• Before setting up the model, FEA engineer must decide on the precision needed. Simplifying a
model too much, or using a coarse mesh, can introduce errors.

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Guideline on choosing analysis type and mesh
Decide on analysis type Decide on mesh density
A fine mesh is always
preferable
Is the geometry
axisymmetric? On bolted On bolt itself:
structure: - Fine mesh
YES - Fine mesh required if
NO required precise results on
to get accurate bolt are needed
Are the loads results - Hexa elements
axisymmetric ? - Using 3 to 5 recommended
elements under the for better
screw head imprint application of
NO PRETS179
is a minimum for
YES accurate results elements
- Using 3 to 5
elements under
the screw head is
Build a 3D analysis Build a 2D axisymmetric analysis a minimum for
accurate results

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Guideline on choosing a model for the bolt
What is the aim of the analysis:
- Predimensioning or obtaining precise results ?
- Are results on bolt important?

Predimensioning Precise FEA


Results on bolt not so important Dimensioning of bolt

A beam model can be enough (*). A solid model should be used.


Is the beam modeled in the geometry? Is the bolt modeled in the geometry?

YES NO YES NO

Define Create a beam Define Advanced


pretension on connector and define pretension on bolt in ACT
line body pretension on it solid body extension is a
good
alternative
(*) – Imprint of the screw head must be defined
on the clamped part to define bolt / clamp
connection.
– The preferred workflow would be to model
the bolt with a solid geometry anyhow, and in
SpaceClaim change between using beam body /
solid body depending on desired accuracy.

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Guideline on choosing contact types 1/3
 Previous tests show that contact type has little influence on results on bolts. On the overall structure,
local differences can appear:

Results difference between two models


total deformation and equivalent stress
« Model with frictional head contact » – « Model with bonded head contact »

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Guideline on choosing contact types 2/3
 There are some cases where taking friction and/or contact opening into account will be important!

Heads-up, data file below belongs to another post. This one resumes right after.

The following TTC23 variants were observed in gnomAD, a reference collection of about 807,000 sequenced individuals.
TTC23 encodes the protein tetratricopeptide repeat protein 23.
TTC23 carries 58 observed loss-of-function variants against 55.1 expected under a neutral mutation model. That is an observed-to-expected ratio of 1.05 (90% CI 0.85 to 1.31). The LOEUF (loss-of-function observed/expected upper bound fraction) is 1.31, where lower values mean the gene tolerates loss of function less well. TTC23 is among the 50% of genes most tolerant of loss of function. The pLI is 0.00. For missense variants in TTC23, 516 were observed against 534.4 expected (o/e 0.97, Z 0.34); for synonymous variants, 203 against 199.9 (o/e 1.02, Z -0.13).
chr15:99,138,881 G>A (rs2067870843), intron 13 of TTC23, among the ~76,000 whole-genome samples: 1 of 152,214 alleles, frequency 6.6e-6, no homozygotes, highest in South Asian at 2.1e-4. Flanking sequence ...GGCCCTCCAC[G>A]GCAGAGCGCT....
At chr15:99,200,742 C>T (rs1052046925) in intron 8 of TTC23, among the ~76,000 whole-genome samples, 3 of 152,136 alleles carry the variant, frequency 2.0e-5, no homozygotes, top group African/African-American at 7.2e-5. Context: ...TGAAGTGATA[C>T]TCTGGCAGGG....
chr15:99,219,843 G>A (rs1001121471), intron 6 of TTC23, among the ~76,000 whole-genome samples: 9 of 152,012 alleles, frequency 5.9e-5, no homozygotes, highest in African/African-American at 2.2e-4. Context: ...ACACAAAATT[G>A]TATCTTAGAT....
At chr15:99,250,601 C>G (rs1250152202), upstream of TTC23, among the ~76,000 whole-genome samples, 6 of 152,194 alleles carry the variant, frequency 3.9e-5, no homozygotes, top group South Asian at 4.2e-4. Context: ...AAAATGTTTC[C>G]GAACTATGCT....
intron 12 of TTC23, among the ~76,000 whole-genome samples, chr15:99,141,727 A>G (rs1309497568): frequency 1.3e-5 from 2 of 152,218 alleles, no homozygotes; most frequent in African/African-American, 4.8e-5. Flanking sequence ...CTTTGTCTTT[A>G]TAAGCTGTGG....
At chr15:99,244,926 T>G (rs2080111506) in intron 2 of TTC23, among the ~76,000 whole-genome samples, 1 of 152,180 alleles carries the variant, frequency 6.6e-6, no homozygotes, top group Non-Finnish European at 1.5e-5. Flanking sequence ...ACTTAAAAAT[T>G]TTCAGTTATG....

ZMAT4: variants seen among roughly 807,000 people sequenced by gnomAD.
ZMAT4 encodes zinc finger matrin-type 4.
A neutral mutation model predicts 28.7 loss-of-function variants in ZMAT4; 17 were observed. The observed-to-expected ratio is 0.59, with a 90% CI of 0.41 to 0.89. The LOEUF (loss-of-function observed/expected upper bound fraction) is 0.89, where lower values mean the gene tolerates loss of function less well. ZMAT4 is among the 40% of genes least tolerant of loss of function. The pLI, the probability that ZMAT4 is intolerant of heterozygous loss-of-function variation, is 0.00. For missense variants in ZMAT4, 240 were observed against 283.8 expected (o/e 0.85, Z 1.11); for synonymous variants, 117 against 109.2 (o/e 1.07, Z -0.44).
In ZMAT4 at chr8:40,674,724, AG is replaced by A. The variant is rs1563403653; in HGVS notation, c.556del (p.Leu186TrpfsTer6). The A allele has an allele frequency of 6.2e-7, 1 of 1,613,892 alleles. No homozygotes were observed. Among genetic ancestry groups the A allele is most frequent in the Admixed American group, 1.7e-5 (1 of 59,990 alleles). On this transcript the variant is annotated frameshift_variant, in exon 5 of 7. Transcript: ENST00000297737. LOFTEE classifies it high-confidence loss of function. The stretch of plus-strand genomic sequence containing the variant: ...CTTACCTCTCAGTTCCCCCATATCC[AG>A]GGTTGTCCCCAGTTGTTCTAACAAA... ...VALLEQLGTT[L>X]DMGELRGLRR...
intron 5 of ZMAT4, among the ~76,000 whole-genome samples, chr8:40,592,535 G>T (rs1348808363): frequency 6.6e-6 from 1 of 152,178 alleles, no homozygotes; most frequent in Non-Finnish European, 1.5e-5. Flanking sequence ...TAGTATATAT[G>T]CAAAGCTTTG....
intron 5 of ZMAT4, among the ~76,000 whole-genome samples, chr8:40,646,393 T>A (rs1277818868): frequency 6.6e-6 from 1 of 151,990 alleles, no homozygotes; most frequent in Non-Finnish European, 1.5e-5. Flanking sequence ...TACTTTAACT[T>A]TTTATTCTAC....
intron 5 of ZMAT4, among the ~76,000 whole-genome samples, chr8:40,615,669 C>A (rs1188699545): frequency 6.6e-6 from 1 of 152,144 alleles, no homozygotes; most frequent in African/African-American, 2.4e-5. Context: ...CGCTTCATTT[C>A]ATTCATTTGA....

Head and thread contact type will also have a big impact on the stress in the bolted parts, especially if it
is a thinner part (casted aluminum) or if there are thermal loads.

 With a nonlinear contact, evolution of contact zone can be assessed:

• Bonded contact: status remains • Frictional contact: status evolves throughout the analysis
constant throughout the analysis

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Guideline on choosing contact types 3/3
- Is clamped part thin?
- Are there thermal loads?
- Do I need to take into account possible contact opening?

YES to at least one question NO to all

Linear approach seems acceptable.


Using nonlinear contact is advised.
Use bonded contact
- For thread to nut contact only -
Do I need precise stress profile in threaded area?

NO YES

Do not use contact Use bolt thread option.


geometry correction A finer mesh is required.

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In short:
Numerical considerations Physical considerations

 Analysis type:
 If geometry and loads are axisymmetric, a 2D
axisymmetric model will save a lot of time with no
loss of precision on the results
 Otherwise go for a 3D analysis
 Contacts:
 Linear contacts are the most
 Mesh density: simple to use
 The finer the mesh, the more precise are the  If evolution of contact zone
results must be taken into account,
 The finer the mesh, the higher the computing time use a nonlinear contact
↘ find the best trade-off -> assess mesh  To account for sliding due to
convergence thermal loads and/or un-
symmetric loads, use a
frictional nonlinear contact
 Model used for bolt:
 Solid models offer the best precision and gives the
most information
 Beam models can be used if some inaccuracy is
acceptable
 Advanced bolt functionality of the Bolt Toolkit
extension is a good method to reduce computing
time without losing accuracy